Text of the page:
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The Deil's awa wi' the Exciseman


The deil cam fiddlin' thro' the town, And danc'd awa wi' th' Exciseman; And ilka wife cries, Auld Mahoun, I wish you luck o' the prize, man. The deil's awa the deil's awa, The deil's awa wi' the Exciseman, He's danc'd awa he's danc'd awa He's danc'd awa wi' the Exciseman. We'll mak our maut, and we'll brew our drink, We'll laugh, sing, and rejoice, man; And mony braw thanks to the meikle black deil, That danc'd awa wi' th' Exciseman. The deil's awa the deil's awa, The deil's awa wi' the Exciseman, He's danc'd awa he's danc'd awa He's danc'd awa wi' the Exciseman. There's threesome reels, there's foursome reels, There's hornpipes and strathspeys, man, But the ae best dance ere came to the Land Was, the deil's awa wi' the Exciseman. The deil's awa the deil's awa , The deil's awa wi' the Exciseman, He's danc'd awa he's danc'd awa He's danc'd awa wi' the Exciseman.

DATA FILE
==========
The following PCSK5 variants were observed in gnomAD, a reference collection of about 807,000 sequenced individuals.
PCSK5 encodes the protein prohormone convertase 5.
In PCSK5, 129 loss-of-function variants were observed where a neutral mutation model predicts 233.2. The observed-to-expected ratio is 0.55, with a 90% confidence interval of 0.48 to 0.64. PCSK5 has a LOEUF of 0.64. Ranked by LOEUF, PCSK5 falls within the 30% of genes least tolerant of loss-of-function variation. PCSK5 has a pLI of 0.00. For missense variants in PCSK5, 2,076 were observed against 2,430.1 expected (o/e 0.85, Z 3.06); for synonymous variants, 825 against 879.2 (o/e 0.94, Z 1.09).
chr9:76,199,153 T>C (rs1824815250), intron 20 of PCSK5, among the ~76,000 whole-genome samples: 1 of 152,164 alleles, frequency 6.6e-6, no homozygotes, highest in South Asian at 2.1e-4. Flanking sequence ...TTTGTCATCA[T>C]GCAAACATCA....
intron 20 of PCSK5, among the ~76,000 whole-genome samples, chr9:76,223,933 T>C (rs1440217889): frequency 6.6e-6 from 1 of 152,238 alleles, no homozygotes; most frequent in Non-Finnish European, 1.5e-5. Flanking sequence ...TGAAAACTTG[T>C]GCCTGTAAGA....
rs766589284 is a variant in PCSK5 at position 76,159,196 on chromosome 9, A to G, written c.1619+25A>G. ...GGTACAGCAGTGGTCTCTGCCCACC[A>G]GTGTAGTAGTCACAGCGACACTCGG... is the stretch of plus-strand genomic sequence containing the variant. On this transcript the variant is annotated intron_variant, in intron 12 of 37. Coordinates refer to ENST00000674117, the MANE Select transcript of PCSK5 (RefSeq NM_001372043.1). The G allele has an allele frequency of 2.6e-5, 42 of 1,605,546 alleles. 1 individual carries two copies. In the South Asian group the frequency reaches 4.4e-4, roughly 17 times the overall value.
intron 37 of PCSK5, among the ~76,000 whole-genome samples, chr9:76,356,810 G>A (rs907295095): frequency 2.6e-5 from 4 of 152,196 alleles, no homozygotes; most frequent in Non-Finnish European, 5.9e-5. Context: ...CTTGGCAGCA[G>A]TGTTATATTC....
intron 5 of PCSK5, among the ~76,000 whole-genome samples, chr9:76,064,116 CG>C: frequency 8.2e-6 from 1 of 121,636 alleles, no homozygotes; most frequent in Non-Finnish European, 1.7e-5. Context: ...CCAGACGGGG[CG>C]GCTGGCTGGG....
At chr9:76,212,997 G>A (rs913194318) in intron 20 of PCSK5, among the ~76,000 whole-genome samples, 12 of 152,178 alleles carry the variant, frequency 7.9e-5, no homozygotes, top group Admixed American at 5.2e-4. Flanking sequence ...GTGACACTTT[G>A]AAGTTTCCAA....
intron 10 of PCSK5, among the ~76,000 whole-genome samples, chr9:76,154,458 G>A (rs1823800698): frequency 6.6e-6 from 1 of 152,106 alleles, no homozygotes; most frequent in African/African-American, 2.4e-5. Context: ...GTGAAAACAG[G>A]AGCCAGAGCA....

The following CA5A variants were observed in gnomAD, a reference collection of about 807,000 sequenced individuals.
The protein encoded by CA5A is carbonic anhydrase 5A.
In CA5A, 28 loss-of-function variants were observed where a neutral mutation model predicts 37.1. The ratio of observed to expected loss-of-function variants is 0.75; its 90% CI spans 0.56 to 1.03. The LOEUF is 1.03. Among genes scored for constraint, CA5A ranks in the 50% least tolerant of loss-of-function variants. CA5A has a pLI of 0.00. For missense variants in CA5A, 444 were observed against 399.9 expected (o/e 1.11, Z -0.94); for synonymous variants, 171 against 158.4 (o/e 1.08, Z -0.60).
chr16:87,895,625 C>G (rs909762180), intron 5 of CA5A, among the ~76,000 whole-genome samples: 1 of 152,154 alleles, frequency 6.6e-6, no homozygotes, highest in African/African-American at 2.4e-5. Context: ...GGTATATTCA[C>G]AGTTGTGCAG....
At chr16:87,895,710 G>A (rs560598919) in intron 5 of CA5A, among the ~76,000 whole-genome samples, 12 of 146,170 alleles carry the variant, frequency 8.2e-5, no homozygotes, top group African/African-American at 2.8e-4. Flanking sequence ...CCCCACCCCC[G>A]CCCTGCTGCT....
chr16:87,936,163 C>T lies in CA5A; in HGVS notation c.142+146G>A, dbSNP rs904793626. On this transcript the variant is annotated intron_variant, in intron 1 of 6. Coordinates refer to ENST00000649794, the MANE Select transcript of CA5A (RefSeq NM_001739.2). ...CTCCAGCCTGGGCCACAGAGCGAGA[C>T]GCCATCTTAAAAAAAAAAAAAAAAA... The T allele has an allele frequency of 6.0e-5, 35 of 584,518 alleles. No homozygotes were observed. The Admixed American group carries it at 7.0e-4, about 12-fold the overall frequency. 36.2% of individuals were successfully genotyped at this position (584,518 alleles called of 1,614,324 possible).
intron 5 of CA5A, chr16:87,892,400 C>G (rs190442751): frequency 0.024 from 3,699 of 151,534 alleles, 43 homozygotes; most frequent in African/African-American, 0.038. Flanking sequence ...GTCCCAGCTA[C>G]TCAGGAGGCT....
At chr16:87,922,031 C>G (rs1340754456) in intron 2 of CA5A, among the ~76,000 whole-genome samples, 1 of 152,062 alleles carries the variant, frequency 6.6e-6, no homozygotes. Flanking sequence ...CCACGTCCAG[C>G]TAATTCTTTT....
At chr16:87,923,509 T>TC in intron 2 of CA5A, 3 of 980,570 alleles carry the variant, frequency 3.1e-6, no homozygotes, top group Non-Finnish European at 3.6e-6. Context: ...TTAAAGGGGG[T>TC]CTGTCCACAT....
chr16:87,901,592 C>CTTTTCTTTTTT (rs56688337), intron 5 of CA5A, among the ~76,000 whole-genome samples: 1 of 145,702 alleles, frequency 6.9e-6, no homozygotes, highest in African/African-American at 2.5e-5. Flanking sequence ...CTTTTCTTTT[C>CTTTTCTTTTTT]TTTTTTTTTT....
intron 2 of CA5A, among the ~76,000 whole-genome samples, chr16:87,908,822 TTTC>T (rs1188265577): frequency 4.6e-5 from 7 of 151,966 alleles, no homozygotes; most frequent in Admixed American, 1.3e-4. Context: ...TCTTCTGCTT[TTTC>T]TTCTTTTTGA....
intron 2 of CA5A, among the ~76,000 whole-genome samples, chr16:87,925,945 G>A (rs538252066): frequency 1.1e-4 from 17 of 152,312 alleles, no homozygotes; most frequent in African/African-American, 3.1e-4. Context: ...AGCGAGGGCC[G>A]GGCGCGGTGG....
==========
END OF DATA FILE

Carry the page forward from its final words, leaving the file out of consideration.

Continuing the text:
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Clare Grogan
John Bett

About this work

This is a song by Robert Burns. It was written in 1792 and is read here by Clare Grogan.

More about this song

The song, 'The Deil's awa wi' th' Exciseman' first appeared in James Johnson's Scots Musical Museum in 1792. Burns himself was employed as an Exciseman from 1789 until his death in 1796.

As crown employees who collected taxes for the government and intercepted illegal goods, Excisemen were generally unpopular among eighteenth-century communities.

Burns was keenly aware of this and composed this humorous song from the perspective of one such community who revel in the absence of the loathed Exciseman (who has been taken by Satan to hell) and defiantly reject governmental regulation: 'We'll mak our maut and we'll brew our drink,/ We'll laugh, sing, and rejoice, man'.

Certainly, it is difficult to reconcile Burns's occupation as an Exciseman with the poet's seemingly republican political outlook.

Burns's employers were aware of his political predilections, and were forced to pay attention to his writing and activities during the term of his employment - particularly when the poet was accused of leading a cry of 'Ça ira!' (the French Revolutionary cry) at the Dumfries playhouse in October of 1792.

Pauline Mackay

Themes for this song

drink supernatural

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